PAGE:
This paper assesses the age composition of the sheltered homeless population and how the age of this population – both single adults and adults in families – have changed over the past two decades. Data for this study came from administrative records on shelter use in New York City and from the nationwide shelter and general population enumerations in each of the last two decennial census enumerations.
In the late 1980s, homeless single adults and adults in families were relatively young, with the median age for both being in the late-twenties. Subsequently, however, these household types appear to have diverged, as the birth cohort from which the young single adults had come (born 1954-1965) has continued to be overrepresented in the shelter population, whereas homelessness among adults in families has remained linked to households in the early parenting years (ages 18-23). While the families and the single adults may have experienced some common precipitating factors that led to the emergence of homelessness in the 1980s, the young mothers appear to age out of their risk for homelessness while homelessness among this birth cohort of single adults sustains. Hypotheses are discussed regarding the social and economic factors that may be associated with disproportionate housing instability and homelessness among adults from the latter half of the baby boom cohort.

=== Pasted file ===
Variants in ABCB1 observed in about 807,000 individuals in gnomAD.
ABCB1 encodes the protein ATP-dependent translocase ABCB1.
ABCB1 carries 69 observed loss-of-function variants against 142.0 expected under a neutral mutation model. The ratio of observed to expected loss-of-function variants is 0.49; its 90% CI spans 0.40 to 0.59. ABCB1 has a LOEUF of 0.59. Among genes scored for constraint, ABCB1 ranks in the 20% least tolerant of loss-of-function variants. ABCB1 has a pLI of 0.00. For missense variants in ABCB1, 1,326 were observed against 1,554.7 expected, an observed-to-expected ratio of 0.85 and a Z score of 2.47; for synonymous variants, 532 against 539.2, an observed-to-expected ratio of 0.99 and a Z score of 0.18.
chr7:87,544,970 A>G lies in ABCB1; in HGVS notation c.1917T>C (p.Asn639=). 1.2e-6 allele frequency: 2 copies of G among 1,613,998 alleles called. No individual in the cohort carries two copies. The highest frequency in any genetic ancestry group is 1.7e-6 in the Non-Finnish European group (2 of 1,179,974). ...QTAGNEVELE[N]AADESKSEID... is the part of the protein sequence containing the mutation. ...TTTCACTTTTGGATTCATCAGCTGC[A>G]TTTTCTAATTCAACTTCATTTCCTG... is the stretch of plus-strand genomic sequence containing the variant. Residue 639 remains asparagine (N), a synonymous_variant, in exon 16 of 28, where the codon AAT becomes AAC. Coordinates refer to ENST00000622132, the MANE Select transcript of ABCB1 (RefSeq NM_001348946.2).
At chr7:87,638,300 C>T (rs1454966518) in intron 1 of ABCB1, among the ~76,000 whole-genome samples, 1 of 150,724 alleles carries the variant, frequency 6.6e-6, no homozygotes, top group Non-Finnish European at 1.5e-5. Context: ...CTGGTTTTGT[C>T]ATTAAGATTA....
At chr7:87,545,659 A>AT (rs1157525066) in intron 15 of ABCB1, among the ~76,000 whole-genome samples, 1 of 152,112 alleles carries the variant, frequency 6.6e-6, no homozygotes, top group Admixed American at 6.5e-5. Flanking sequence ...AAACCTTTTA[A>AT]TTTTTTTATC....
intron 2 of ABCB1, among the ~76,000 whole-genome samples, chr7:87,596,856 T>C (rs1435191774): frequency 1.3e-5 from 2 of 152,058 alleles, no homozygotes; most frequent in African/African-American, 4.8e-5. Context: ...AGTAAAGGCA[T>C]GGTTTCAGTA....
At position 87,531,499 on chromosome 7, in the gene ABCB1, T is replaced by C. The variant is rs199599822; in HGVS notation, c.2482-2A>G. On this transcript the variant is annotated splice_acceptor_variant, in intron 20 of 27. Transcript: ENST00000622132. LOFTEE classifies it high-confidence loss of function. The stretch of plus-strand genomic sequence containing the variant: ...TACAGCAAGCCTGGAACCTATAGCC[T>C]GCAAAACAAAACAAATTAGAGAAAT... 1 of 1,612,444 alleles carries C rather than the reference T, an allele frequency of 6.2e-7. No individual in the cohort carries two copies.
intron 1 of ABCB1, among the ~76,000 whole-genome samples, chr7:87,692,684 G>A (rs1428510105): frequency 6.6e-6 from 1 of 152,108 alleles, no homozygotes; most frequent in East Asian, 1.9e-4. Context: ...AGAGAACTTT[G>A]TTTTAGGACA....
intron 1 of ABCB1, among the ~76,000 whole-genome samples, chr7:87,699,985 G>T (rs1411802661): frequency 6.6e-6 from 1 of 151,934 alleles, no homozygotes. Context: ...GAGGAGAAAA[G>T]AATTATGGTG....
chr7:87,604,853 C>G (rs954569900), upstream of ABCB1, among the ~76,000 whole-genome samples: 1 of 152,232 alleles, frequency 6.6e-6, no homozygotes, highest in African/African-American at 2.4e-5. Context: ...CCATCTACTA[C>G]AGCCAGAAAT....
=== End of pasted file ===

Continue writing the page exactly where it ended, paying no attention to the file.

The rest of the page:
Implications for public policy are considered, including the premature risk of disability, frailty and mortality associated with this cohort.